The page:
Naga talks in Bangkok today
Peace negotiators from New Delhi are beginning fresh talks in Bangkok on Saturday with a frontline Naga separatist group to save a nine-year-old ceasefire from breaking down, officials said.
The talks with top leaders of the Isak-Muivah faction of the National Socialist Council of Nagaland (NSCN-IM), the main rebel group in the northeastern state of Nagaland, were earlier due to begin on Friday but were deferred by a day.
Central Minister Oscar Fernandes and New Delhi's main peace interlocutor K Padmanabhaiah will meet top leaders of the Isak-Muivah faction in Bangkok.
"The two-day talks will primarily focus on the question of extending the ceasefire and also discussing other major demands," said a home ministry official, requesting anonymity.
"We are confident of the two sides agreeing to extend the ceasefire as the people of Nagaland want peace and a permanent solution to the problem." The last ceasefire extension expires on July 31.
The NSCN-IM, led by guerrilla leaders Isak Chishi Swu and Thuingaleng Muivah, last week threatened not to extend their ceasefire accusing the Indian Army of supplying weapons to a rival rebel outfit to provoke a "fratricidal war".
"The question of extending the ceasefire depends on the outcome of the talks. Nothing can be said at this moment," RH Raising, senior NSCN-IM leader said.
The rebel leadership is expected to seek a clarification from New Delhi on their charges of arming the rival National Socialist Council of Nagaland faction led by SS Khaplang.
The NSCN-IM had accused security forces of seizing weapons from its cadres and then supplying such arms to the rival group. The army denies the allegations.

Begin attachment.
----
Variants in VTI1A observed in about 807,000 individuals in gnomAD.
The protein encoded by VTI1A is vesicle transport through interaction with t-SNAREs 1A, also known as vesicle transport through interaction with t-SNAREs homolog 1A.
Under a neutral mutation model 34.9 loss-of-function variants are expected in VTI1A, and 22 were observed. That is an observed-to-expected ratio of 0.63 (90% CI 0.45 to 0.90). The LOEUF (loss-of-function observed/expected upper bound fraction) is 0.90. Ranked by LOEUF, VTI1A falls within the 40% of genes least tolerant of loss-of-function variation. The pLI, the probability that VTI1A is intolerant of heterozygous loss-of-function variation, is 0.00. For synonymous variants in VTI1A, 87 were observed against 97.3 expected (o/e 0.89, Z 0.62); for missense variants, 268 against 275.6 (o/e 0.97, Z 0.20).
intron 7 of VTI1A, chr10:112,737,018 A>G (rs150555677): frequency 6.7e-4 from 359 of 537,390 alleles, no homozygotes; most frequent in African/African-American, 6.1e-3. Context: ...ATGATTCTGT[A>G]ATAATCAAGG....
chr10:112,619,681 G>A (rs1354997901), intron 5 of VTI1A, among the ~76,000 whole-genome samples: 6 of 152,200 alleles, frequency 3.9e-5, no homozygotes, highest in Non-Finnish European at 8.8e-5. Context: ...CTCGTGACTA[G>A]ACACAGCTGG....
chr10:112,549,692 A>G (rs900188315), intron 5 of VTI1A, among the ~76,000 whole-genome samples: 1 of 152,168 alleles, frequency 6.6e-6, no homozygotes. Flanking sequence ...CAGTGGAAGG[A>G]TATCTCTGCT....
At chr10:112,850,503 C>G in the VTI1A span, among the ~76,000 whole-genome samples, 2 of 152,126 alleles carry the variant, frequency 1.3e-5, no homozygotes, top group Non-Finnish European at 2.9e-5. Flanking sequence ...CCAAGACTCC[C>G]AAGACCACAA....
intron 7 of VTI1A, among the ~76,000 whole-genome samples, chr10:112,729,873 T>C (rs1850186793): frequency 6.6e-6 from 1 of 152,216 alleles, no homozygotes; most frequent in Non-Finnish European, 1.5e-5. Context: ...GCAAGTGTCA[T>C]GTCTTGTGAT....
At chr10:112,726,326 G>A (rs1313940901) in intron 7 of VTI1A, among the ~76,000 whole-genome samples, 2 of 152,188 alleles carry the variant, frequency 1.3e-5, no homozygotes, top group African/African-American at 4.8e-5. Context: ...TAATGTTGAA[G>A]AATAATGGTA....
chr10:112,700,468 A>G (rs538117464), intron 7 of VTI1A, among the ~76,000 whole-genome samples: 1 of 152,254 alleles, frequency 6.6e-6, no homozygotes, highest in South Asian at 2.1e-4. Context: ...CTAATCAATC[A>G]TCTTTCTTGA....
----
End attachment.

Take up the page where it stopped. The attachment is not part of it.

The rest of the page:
"The question of ceasefire extension now depends on the response to our charges by the government in the Bangkok talks. We have also sought several modifications of the ceasefire ground rules," another NSCN-IM leader said.
The rebel leader refused to give details of the changes sought in the truce ground rules. The original Nagaland rebel group split in 1988 into two factions.
The NSCN (Khaplang) struck a ceasefire with the government in 2001 although no formal peace talks have yet been held.
The two sides regularly clash for territorial supremacy. At least 200 members of both outfits have been killed in turf battles in the past five years.
The main group led by Muivah and Swu is seeking a "Greater Nagaland" that would unite 1.2 million Nagas, a demand strongly opposed by the neighbouring states of Assam, Manipur and Arunachal Pradesh.
The other group is seeking an independent tribal homeland.
India and the NSCN-IM have held at least 50 rounds of peace talks in the past nine years to end one of the longest-running insurgencies that have claimed around 25,000 lives since the country's independence in 1947.